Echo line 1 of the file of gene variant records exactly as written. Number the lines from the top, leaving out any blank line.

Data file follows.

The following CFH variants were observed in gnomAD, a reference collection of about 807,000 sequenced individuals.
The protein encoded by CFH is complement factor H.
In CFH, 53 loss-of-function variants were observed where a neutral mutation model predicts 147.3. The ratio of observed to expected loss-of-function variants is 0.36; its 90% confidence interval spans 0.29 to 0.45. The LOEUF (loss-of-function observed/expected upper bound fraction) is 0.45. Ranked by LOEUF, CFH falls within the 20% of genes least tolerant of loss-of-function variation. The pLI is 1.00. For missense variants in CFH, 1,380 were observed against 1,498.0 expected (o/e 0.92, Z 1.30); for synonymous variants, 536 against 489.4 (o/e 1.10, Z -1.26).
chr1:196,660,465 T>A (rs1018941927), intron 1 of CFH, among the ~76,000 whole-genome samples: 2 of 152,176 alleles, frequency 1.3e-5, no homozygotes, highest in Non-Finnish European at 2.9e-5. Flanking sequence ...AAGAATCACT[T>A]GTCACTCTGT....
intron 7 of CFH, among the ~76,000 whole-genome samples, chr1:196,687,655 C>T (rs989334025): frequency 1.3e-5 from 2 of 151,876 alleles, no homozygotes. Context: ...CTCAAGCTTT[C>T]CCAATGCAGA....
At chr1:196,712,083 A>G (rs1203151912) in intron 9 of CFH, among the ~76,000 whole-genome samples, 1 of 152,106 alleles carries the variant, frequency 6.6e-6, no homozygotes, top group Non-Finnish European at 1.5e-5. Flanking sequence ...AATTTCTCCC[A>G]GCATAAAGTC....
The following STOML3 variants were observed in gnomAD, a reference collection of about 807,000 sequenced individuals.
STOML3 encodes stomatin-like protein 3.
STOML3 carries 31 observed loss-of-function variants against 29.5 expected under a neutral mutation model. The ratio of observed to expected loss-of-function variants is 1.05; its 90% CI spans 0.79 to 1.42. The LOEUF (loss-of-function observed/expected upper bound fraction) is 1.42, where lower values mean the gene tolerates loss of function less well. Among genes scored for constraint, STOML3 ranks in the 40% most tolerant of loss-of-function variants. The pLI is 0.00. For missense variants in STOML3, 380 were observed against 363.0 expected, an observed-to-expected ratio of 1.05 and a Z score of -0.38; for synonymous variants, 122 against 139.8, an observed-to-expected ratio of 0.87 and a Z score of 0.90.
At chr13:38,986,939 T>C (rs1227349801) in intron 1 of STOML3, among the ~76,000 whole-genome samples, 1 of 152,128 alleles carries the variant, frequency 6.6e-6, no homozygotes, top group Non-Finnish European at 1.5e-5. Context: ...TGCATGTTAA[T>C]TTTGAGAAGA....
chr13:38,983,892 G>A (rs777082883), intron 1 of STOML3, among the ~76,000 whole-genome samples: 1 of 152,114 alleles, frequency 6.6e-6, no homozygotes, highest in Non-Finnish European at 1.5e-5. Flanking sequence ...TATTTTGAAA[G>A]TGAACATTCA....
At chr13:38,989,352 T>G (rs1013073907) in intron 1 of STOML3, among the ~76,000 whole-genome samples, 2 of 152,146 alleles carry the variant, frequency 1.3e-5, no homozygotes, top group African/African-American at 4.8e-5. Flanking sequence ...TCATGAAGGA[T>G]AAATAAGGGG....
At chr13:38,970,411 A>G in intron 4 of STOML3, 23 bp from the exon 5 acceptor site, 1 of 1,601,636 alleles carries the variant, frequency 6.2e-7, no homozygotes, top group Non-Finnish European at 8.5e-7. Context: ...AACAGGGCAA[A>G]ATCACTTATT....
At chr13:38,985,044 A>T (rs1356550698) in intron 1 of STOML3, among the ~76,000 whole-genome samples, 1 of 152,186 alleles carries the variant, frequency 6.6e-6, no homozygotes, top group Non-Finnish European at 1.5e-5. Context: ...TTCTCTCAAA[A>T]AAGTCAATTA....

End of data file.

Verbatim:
The following CFH variants were observed in gnomAD, a reference collection of about 807,000 sequenced individuals.